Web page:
I've heard quite a bit about the advantages of a tri-bike over a road bike, and certainly have the bug. I think I am ready to make the jump from my low end craigslist clunker to the real thing. In talking to people and reading message boards, I have gathered that you can save a great deal of money and put together a great bike, by buying the frame separately, and then piecing the components together afterwards. Has anyone ever done this? I am definitely a newby (1 sprint, 1 olympic), with no bike or cycling experience outside of this season, so any advice or comments are certainly welcome. Also any other advice as far as getting or buying a bike would be appreciated.
Unless you got an absolutely screamin' deal on either a frame or component group I'd be surprised if you'd save enough to make the trouble worth it, assuming that you have the patience to wait for some kind of a sale on a complete bike. I had decided to get myself an AL tri bike, but then got a deal on a carbon bike with Ultegra parts for about the same price. Got an immediate 15% boost in speed, too, vs. my road bike.
It can work if you're patient and know how to do your own assembly and adjustment. Three years ago I bought a Felt S32 frame and fork, Dura Ace 7800 rear derailleur, Ultegra 6600 front derailleur, Ultegra 6500 brakes, and Ultegra 6600 crank and bottom bracket cups on Ebay over the course of about 3 months. I paid $300 for the frame and about $275 for the drivetrain parts. I bought an AluminX aerobar with Dura Ace 7800 shifters and Profile Design brake levers from a friend who was upgrading for another $75. I already had a seatpost and seat that I used to convert my road bike to tri configuration (I paid about $150 for both at a bike shop). Last, I found some Velomax Tempest II wheels for sale locally for $300. Adding it up, I ended up paying $1100 for an almost new (most of the components were less than a year old) tri bike with upper end components. While you might be able to find a new or almost new tri bike for that price, it's not likely to have the quality frame or components as the one I built.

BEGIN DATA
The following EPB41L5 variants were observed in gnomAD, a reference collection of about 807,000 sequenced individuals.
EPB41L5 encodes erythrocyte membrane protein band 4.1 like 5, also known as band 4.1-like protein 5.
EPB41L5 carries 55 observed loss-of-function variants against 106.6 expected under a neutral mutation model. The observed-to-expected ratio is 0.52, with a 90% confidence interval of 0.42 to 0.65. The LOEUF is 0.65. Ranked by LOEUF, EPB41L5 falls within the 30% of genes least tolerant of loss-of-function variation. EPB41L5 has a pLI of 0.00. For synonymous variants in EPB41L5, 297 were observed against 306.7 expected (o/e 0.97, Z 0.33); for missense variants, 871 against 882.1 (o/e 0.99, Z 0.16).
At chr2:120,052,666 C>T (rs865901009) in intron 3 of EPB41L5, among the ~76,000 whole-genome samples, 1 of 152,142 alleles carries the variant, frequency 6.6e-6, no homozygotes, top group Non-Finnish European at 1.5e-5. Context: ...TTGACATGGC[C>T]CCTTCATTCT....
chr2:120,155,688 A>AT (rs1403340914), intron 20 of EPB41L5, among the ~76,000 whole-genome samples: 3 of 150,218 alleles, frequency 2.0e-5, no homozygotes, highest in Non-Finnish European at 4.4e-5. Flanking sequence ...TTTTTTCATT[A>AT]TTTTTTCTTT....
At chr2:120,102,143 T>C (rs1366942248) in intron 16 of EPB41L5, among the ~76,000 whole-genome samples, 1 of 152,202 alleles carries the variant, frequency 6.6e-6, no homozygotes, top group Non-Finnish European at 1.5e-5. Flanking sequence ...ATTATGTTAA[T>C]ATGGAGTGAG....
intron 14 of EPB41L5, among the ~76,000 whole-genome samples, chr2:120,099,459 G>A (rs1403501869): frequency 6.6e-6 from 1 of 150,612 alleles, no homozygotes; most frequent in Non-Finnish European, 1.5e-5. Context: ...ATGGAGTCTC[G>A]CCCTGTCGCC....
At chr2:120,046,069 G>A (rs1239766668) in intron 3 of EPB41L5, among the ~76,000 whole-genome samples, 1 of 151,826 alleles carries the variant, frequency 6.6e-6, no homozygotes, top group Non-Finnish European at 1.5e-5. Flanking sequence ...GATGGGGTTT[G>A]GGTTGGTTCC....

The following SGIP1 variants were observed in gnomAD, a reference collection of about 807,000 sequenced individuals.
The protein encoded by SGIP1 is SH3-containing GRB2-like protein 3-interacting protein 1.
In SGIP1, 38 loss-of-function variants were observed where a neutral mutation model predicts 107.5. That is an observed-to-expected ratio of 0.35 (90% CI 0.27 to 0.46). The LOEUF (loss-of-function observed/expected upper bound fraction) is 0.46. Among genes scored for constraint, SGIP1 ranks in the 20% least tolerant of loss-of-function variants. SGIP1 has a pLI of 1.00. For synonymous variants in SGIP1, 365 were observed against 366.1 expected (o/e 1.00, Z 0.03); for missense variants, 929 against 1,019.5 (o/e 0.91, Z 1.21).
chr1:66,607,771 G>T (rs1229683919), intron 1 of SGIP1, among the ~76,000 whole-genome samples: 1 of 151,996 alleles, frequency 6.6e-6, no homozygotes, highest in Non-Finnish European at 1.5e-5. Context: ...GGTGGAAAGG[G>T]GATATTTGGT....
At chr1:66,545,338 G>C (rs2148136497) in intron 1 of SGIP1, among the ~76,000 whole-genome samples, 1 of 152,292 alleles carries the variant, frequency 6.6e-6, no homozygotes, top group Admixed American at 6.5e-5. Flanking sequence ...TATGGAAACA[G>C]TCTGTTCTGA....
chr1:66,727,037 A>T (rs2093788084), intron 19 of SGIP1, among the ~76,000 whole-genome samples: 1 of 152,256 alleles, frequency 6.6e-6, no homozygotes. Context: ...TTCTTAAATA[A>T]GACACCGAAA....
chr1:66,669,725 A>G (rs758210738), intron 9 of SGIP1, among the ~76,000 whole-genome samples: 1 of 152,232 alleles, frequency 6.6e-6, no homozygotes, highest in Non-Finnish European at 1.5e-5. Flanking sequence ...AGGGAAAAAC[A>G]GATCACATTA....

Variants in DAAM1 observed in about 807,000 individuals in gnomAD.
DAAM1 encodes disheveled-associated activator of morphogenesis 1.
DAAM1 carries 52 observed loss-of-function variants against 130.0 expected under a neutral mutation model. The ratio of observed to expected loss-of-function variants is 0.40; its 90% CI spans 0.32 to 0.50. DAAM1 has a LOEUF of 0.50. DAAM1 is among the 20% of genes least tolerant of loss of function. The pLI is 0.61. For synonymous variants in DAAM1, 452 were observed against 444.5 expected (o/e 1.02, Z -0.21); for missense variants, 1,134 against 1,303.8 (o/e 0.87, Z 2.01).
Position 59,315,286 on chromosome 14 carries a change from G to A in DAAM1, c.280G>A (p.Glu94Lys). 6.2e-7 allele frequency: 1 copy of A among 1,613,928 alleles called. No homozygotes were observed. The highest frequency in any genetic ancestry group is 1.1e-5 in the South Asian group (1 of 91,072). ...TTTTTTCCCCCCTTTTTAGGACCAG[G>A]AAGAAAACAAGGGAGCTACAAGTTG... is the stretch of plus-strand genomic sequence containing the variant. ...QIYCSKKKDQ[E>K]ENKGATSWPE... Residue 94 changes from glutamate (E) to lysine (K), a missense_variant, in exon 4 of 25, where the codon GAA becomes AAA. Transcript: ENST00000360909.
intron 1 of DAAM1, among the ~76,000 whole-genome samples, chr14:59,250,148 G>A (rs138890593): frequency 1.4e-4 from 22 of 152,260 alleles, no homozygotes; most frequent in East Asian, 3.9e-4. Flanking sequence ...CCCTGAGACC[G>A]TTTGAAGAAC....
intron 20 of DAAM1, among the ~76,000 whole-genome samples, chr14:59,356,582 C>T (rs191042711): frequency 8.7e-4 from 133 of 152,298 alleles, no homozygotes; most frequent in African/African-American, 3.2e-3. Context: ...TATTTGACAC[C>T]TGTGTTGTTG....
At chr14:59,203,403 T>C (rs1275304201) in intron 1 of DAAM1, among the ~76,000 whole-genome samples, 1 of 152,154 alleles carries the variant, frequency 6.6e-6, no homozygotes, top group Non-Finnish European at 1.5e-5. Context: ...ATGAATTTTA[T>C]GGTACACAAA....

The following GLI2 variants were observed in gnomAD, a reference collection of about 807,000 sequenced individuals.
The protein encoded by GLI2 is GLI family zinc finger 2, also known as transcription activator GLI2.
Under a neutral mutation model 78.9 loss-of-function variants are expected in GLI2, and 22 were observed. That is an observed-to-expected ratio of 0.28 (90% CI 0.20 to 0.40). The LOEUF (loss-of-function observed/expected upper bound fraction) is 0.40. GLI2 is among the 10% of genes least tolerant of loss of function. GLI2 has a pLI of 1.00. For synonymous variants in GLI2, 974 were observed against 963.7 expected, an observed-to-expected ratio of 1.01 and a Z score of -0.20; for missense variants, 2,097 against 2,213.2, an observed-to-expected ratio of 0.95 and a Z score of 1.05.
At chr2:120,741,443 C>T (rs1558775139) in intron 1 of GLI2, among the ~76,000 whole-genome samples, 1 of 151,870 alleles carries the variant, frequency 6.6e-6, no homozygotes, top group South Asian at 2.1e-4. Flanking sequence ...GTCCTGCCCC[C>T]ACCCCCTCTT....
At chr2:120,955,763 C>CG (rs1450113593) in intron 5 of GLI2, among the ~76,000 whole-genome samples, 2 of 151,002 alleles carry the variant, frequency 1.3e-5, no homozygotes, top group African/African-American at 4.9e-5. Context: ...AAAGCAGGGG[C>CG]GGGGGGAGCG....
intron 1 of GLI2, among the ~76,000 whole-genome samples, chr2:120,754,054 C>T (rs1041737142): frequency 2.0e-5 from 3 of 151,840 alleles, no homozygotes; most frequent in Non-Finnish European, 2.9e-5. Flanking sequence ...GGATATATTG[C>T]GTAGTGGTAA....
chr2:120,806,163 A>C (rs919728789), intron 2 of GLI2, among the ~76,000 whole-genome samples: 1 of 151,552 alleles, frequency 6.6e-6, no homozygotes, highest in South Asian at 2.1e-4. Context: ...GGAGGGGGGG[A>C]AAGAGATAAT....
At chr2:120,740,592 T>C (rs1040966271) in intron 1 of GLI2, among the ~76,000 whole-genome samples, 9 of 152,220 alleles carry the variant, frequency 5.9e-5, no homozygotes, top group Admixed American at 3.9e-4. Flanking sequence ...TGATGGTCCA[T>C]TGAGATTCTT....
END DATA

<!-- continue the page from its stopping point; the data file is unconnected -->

The caveat, of course, is that you have to be patient. I bid on any number of components before I got the ones that ended up on my bike because I had a set target price and refused to exceed it when I was outbid. I was constantly amazed at the number of people who would bid up the price so far that they ended up paying as much or more for a used component as they could have paid for a new one. I also did all my assembly and adjustment, so I didn't have to pay shop charges. If you're willing to do that, I think it's worth assembling your own bike. The nice part is that you can build the bike the way you want it from the start, rather than buying a package set up and trading parts out later. You also learn how everything works, so you can make your own repairs and adjustments if you need to.
This is the perfect time of year to start looking. The race season is almost over and people will be selling frames and components in anticipation of upgrading. If you start researching now you can get a pretty good idea of what's available and how much you can expect to pay.
But don't forget to keep an eye out for that steal of a deal on Craigslist.